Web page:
Back To School: Ingmar Bergman // ‘Persona’

Inspired in part by the ballyhoo over the BFI Sight & Sound poll, I have decided to revisit the works of some of the greatest filmmakers who ever lived. We’re talking the real heavy-hitters — your Bergmans, your Fellinis, your Renoirs, your Kurosawas. Many of these directors, I met back in film school — or the summer just before, when I took on a list of 100 influential movies (and watched about half of them). I confess, I actively disliked two of the BFI’s Top 10, and slept through the majority of one more. So the BFI’s tastes are, not surprisingly, not perfectly matched up with my own, but the list did remind me of a lot of auteurs I’ve paid too little attention to since leaving USC. Thus, a random sampling of their films (not necessarily all lauded by the BFI) is in order.

Since volumes have been written on these works already, my goal isn’t to say anything particularly profound or noteworthy, or go into a deep analysis. They will only be brief reactions about what it’s like to view these films now, in (post-)modern times. Do they hold up? Are they still relevant? Are they still entertaining?

First up is Ingmar Bergman’s 1966 psychodrama Persona.

Ingmar Bergman is the austere Swedish director best known for The Seventh Seal — that oft-parodied playing-chess-with-death movie. I’m much less familiar with his work than I probably should be, having seen only The Seventh Seal, perhaps because Bergman strikes me as a very serious filmmaker, the kind of man whose movies are seldom described as “light romps.” Not that I’m overly fond of light romps myself, but when you settle in to watch a Bergman film, you can’t help but be aware of the heavy-handed import of it, a self-conscious tone and style that is very “of its time.”Persona begins with a showy collection of unpleasant images, including a sheep being slaughtered and a nail driven through a man’s palm. (Biblical? Maybe.) From there, it is the story of a nurse named Alma (Bibi Andersson), tasked with taking care of Elisabet, an actress suffering a nervous breakdown, who has decided to go mute. The doctor tending to Elisabet decides the best treatment is for Alma to take Elisabet to her summer home for some relaxation on the beach. Now, I’m not sure if this is how mental anguishes were generally cured in 1960’s Sweden, or if this is supposed to be a rather unconventional treatment, but no one seems to find it odd in the story.

Elisabet carries on with her muteness at the summer home, which at first works out just fine for Alma. So used to taking care of others for a living, Alma finds herself babbling incessantly and sharing all kinds of secrets she’s never told anyone, while Elisabet merely smiles in response. Alma is able to project whatever she wants onto Elisabet, who she respects as an artist and actress, and maybe feels like she “knows” as a public figure the way we often assume we know celebrities. But it turns out she doesn’t. A letter reveals that Alma has misread Elisabet’s silence, and soon the nurse becomes the one in need of a cooling off period. She begins to resent her charge’s refusal to speak, and things go downhill from there (including a catfight or two). Persona also contains some surprisingly graphic sexual dialogue, which maybe shouldn’t be so shocking for a European film of the 60’s, in retrospect. But still.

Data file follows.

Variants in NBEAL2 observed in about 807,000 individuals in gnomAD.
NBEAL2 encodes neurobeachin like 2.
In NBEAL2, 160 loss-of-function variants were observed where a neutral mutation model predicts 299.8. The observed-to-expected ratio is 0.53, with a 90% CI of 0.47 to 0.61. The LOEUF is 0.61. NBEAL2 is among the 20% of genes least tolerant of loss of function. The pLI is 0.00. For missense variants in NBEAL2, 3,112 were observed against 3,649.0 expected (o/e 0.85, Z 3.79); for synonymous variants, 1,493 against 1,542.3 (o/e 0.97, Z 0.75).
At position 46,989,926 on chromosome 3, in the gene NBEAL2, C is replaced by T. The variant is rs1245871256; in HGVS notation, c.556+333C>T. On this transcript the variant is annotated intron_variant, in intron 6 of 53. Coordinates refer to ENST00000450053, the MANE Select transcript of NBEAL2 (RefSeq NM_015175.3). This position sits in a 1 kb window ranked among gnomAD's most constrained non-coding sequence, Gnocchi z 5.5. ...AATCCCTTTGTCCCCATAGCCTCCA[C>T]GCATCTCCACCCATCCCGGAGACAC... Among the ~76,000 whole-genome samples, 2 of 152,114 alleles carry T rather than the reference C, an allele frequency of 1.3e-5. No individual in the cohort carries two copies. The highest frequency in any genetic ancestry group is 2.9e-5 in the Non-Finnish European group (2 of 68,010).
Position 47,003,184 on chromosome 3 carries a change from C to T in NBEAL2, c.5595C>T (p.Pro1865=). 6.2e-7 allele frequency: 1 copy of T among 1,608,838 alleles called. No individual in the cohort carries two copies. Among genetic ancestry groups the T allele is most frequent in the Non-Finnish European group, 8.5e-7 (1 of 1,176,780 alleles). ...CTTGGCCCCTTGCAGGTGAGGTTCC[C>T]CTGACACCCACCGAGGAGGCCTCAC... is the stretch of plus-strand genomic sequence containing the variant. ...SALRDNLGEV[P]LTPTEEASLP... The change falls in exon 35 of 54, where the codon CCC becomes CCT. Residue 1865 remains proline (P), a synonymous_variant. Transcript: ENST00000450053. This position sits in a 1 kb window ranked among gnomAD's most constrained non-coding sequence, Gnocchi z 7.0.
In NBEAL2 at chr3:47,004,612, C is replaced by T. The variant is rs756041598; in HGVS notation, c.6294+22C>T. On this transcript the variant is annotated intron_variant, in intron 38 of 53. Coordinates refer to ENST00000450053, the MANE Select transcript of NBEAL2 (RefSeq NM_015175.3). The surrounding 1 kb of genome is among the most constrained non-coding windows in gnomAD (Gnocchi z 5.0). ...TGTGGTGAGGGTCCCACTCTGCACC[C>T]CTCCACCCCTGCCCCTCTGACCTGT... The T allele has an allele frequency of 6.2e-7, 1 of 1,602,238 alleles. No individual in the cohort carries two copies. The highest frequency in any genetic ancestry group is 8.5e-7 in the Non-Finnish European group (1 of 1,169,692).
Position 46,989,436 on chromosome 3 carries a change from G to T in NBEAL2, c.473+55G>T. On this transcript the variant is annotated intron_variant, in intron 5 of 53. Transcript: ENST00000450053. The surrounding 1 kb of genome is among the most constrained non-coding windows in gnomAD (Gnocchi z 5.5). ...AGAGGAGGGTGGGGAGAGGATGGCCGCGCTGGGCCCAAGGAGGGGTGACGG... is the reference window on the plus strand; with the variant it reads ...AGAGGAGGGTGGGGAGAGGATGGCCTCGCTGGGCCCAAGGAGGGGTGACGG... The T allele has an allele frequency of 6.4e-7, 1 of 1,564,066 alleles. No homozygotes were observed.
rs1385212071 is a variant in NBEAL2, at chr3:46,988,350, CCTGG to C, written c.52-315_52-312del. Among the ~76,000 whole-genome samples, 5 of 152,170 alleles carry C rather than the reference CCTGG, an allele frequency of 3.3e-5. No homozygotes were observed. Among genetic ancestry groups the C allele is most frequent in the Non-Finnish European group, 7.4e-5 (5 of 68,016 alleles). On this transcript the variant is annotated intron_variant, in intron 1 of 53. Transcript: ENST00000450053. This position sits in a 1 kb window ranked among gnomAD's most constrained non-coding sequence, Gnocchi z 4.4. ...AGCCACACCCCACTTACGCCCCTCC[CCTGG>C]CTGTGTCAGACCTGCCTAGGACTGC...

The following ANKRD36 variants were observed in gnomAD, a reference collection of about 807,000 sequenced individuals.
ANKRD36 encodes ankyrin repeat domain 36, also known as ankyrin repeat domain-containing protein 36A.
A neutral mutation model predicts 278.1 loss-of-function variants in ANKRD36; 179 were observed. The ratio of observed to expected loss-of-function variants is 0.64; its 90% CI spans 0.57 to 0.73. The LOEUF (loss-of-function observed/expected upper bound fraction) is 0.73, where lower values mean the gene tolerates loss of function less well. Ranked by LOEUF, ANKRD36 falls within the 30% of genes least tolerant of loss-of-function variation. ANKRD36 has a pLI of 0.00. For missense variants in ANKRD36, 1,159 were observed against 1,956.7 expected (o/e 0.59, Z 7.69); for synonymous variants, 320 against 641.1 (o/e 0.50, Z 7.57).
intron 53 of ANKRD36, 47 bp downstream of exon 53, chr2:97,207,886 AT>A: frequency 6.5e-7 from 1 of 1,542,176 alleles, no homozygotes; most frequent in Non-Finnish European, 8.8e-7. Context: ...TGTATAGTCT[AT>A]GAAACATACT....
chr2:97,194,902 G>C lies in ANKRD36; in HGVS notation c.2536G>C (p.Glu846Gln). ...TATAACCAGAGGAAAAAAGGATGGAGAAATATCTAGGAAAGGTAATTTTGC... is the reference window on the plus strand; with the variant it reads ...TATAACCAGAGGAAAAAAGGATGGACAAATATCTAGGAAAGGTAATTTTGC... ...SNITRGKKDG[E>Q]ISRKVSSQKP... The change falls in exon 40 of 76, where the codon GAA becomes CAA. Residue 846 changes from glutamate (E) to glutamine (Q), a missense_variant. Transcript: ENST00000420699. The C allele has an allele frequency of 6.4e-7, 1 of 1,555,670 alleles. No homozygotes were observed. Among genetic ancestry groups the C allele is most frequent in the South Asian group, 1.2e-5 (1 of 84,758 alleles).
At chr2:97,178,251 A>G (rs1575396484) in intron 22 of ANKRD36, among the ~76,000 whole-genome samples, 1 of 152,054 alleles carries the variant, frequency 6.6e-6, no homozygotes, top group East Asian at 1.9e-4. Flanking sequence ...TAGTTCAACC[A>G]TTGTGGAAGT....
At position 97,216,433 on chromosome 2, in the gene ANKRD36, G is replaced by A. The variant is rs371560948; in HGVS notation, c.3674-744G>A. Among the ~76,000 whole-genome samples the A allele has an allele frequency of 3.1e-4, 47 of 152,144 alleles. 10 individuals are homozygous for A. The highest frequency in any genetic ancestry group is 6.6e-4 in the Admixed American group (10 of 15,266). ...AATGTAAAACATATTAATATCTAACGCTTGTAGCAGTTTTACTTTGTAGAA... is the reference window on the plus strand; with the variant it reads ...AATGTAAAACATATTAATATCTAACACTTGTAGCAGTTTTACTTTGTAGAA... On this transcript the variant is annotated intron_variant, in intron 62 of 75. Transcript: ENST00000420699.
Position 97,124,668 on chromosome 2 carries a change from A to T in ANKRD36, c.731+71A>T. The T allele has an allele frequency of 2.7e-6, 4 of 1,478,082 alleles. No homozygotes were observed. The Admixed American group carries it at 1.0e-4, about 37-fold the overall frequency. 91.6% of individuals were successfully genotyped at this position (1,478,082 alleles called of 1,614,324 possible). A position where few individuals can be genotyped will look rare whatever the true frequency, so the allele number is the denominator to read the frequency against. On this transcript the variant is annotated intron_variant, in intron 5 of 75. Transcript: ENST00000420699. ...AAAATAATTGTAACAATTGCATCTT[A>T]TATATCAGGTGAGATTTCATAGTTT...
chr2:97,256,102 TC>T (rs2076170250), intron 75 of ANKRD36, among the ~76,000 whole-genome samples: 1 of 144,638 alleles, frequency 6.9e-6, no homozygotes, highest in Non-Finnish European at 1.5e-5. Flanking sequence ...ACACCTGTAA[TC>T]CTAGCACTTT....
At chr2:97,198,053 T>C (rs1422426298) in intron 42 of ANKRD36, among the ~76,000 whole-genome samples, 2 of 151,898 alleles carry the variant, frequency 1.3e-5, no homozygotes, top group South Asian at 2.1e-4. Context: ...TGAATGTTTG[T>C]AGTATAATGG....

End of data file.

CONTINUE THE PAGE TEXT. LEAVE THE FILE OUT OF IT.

The films I was most reminded of were David Lynch’s Mulholland Drive and Anthony Minghella’s The Talented Mr. Ripley. Persona has some fairly direct lesbian subtext (both of those films also deal with homosexual relationships), in the cinematic tradition of friendships that are a little too close to be just friendship. Much like Tom Ripley, Alma is a working-class girl who finds herself admiring and then assuming the life of a more glamorous person who betrays their imagined intimacy. Mulholland Drive references Persona more directly, particularly with the strange, dream-like tone and the focus on an actress. The film’s ending is particularly surreal, and open to interpretation, with the women coming across more as two halves of the same identity rather than distinct individuals.

Perhaps the best scene, though, comes in the middle, just after Alma’s adoration of Elisabet begins to sour. She, too, becomes mute for a moment when she fails to warn her friend that there’s a piece of broken glass on the ground just begging to be stepped on. The surreal stuff is well and good, but the most enduring aspects of Persona are the more realistic dramatic moments between these women. Both actresses turn in pretty stellar (though very different) performances.

So does it hold up in 2012? More or less. Your average, modern-day film fan perusing streaming titles on Netflix may not dig Persona, but as a piece of film history, it’s a captivating watch. Persona has clearly influenced a number of films that followed it, and at a breezy hour-and-a-half running time, it’s a relatively light foray into the Bergman oeuvre (compared to The Seventh Seal, at least).

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